Cleaners using words like “green,” “natural” and “organic” to describe themselves have “blanketed the affluent sections of Manhattan, from the Upper East Side down to TriBeCa,” the Times noted. “In recent years, they have crept farther afield, up to Harlem and out to places like Greenpoint and Bushwick in Brooklyn, joining the head-to-tail butchers and the boutique bike shops as an unofficial marker of gentrification in New York.”
The Times said that Internet search engines and user-review Web sites like Yelp show the highest concentration of “green” drycleaners in more affluent neighborhoods, especially in Manhattan, with a sprinkling throughout the five boroughs.
As drycleaners move away from perc in favor of other cleaning methods, many have embraced “green” marketing, the Times said. The article noted that although the Environmental Protection Agency does not believe that clothes cleaned in perc pose a health risk, the agency says the chemical has environmental risks and is a “likely human carcinogen.”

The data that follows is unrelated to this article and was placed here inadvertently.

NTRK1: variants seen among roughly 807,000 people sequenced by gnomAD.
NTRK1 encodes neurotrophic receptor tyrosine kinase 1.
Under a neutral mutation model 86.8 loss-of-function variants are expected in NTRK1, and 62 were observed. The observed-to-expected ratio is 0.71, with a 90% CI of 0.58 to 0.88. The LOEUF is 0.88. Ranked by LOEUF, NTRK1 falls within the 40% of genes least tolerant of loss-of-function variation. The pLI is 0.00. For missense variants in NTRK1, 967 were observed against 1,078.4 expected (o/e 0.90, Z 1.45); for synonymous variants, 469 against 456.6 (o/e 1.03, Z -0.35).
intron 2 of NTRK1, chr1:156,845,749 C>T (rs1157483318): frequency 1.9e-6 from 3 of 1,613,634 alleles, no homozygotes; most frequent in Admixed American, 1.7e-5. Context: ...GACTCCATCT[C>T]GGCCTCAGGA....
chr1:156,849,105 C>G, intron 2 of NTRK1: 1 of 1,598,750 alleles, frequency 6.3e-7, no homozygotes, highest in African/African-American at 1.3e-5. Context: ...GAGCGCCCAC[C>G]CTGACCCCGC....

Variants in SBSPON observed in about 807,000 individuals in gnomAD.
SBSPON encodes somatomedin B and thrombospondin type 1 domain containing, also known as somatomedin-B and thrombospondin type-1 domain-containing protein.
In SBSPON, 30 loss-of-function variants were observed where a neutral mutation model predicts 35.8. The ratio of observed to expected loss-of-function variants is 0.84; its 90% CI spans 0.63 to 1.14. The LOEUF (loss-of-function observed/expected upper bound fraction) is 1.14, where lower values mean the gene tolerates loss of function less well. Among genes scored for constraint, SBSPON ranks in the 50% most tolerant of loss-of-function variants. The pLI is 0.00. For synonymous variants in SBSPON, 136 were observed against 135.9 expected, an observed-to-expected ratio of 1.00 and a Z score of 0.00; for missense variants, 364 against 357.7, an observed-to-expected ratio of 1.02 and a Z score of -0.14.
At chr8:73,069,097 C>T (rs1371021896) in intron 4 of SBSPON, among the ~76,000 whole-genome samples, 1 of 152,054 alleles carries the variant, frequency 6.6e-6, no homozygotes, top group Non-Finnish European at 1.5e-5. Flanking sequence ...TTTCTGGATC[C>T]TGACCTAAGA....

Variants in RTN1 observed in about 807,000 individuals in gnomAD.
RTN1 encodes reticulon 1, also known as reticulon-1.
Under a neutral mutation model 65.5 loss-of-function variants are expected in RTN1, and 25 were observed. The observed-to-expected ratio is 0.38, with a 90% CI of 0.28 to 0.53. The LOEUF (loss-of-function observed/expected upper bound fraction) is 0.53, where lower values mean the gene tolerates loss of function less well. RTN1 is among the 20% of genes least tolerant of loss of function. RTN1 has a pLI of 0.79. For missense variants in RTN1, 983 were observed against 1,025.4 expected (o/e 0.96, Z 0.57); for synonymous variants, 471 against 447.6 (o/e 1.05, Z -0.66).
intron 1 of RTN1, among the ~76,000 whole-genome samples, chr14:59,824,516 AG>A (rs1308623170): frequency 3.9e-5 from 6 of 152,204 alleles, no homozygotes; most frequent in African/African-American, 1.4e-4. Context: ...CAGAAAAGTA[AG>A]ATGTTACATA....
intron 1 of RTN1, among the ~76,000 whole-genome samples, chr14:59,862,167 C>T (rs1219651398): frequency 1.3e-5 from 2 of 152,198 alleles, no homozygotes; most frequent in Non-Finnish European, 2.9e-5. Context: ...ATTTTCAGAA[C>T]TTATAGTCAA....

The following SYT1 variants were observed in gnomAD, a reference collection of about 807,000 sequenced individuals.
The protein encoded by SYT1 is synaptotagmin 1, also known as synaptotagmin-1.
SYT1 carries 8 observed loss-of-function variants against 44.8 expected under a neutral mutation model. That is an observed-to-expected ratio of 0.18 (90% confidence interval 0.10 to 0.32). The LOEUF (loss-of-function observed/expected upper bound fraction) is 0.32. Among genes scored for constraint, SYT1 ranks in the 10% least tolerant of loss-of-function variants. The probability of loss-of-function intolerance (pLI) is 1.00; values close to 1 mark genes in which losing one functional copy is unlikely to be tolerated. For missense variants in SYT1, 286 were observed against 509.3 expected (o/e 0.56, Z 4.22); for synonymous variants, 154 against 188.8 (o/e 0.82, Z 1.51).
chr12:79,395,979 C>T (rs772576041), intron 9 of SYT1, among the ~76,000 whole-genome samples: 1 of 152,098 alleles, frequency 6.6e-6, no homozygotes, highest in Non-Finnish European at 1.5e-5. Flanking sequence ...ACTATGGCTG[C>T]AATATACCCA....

Proposed laws fail
Both the Santa Monica and New York city councils have looked at regulating environmental aspects of drycleaning in the recent past.
In 2009, Santa Monica City Council member Kevin McKeown asked staff to draft an ordinance that would limit drycleaners to using only nontoxic methods, which would essentially have made carbon dioxide cleaning the only possible method, but the council never took up the ordinance.
In 2010, New York City Council member Jessica Lappin introduced a bill that would have required cleaners who want to advertise themselves as “organic,” “green” or “environmentally friendly” to first meet certain criteria and obtain a $340 two-year license.
To qualify as an “eco-friendly drycleaner” and get a license, a cleaner would have to use liquid carbon dioxide or “biodegradable solvents.” Under this scheme, a perc cleaner — or any cleaner for that matter — could qualify by having two or more of the following: recycling for water, hangers, plastic or other items used regularly in cleaning; using energy-efficient appliances or hybrid vehicles; participating in an alternative energy program; or engaging in other environmentally friendly practices as determined by the department of consumer affairs.